The 'Poseidon' Effect: Hollywood's Greatest Disasters


Never fear a 150-foot tidal wave if you're in Hollywood.

The Poseidon will keep sailing as long as it sells, and even if you're not going down with this ship, you're still doomed … to watch the same movie again and again.

You can't talk about the remake of "The Poseidon Adventure," which opens Friday, without first mentioning that it's hitting theaters less than six months after a TV remake, also called "The Poseidon Adventure," and we should also acknowledge that the 1972 classic spun off a laughably bad sequel, "Beyond the Poseidon Adventure."

Oh, you can quibble with plot changes, if you must. In the NBC version last year, it was a terrorist -- not a tidal wave -- that caused the cruise ship to capsize. The boat still goes bottom up, and a ragtag group of passengers -- led by a priest and a homeland security agent -- must scale the decks of the upside-down vessel, if they are to survive.

Of course, the new version, simply called "Poseidon" and starring Josh Lucas, Kurt Russell, Richard Dreyfuss and Emmy Rossum, can't help but conjure up memories of a certain iceberg-ravaged ship that counted Kate Winslet and Leonardo DiCaprio among its flotsam and jetsam.

Indeed, the original "Poseidon" had a tremendous impact on Hollywood, starting a tradition for big-budget, star-studded disaster films that became the rage in the 1970s, and, while fading at points, never really went away.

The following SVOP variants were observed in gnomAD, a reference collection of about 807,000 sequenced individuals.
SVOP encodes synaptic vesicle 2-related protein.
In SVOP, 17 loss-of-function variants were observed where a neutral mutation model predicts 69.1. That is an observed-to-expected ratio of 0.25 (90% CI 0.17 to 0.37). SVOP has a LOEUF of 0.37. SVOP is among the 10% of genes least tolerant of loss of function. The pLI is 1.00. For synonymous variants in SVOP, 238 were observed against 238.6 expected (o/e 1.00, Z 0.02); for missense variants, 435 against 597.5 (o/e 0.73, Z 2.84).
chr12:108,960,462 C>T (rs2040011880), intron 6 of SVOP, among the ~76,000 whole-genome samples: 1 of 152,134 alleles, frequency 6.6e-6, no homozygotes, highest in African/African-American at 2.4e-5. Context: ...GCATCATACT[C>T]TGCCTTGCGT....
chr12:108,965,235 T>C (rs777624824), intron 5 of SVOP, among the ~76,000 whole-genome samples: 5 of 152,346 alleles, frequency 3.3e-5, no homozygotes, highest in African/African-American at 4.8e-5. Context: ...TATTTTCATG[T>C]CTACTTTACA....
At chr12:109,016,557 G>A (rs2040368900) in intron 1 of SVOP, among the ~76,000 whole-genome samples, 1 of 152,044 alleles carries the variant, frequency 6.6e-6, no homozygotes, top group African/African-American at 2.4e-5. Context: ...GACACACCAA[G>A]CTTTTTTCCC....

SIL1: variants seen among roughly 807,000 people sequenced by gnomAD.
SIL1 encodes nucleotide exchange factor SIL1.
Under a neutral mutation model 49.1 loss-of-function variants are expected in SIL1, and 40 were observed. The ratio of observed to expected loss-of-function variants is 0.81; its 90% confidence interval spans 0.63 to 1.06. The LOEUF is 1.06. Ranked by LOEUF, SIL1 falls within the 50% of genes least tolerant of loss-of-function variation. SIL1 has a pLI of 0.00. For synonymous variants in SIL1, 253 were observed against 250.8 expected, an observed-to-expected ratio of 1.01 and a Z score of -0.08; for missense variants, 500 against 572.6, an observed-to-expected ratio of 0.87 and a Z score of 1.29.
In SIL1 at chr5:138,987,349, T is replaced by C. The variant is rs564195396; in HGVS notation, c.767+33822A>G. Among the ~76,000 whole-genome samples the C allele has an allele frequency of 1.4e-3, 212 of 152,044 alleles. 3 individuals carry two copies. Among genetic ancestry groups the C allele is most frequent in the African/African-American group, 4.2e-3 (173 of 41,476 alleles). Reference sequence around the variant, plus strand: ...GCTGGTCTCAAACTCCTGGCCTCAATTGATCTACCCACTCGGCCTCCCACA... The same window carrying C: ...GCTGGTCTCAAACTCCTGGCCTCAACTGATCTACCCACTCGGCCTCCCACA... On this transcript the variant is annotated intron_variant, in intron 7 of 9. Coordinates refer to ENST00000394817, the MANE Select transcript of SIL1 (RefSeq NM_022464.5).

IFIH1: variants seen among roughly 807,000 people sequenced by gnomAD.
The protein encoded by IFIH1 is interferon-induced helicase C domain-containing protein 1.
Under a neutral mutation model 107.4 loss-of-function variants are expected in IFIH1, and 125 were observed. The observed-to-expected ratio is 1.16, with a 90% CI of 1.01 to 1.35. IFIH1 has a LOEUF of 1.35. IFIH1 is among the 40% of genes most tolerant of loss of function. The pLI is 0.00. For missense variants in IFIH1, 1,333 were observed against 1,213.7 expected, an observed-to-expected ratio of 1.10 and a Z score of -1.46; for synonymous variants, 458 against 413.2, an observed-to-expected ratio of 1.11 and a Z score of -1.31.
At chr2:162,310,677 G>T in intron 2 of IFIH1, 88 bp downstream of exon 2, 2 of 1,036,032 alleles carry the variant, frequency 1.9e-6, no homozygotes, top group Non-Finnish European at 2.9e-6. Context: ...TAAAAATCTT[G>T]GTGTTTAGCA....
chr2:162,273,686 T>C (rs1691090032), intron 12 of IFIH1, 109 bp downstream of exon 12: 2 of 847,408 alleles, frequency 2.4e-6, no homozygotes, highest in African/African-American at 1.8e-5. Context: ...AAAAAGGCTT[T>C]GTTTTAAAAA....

In subsequent films, it was never again quite so easy to recapture those magic, big-screen moments on the sinking boat, like when the grandmotherly Shelley Winters dives into a submerged deck to rescue Gene Hackman or when Ernest Borgnine -- in his tattered tuxedo -- cries over his dead wife.

But producer Irwin Allen -- the so-called master of disaster -- would move on to "The Towering Inferno" (1974) and then to his killer bee saga, "The Swarm" (1978), before taking on volcanoes in "When Time Ran Out."

Perhaps no Hollywood genre gets kicked around as much, but disaster films say a lot about what scares America the most -- and those fears have shifted over the years.

These films have also had tremendous impact on popular culture, as well as the stars who have appeared in them. Here are reflections on a few of them:

"The Towering Inferno" (1974) -- The world's largest building burns down on the night it opens in this Allen extravaganza. Few movies grow scarier as the years pass, but the scenes of people jumping from skyscraper windows are nearly impossible to watch without being reminded of the tragedy at the World Trade Center. Don't expect a remake any time soon.

Also frightening, but in a far different way, is watching O.J. Simpson in the role that helped launch his film career. In its day, however, "Inferno" was a smash success, earning eight Academy Award nominations, including best picture, and winning in three technical categories.

One more scary thought: This film earned the legendary Fred Astaire the only Oscar nomination he'd ever receive, and he doesn't even dance.

"Earthquake" (1974) -- While an over-emoting Charlton Heston has sent chills up many spines, in this film he's aided with a cinematic innovation -- called Sensurround -- that caused theater seats to shake as an earthquake reduces Los Angeles to rubble.

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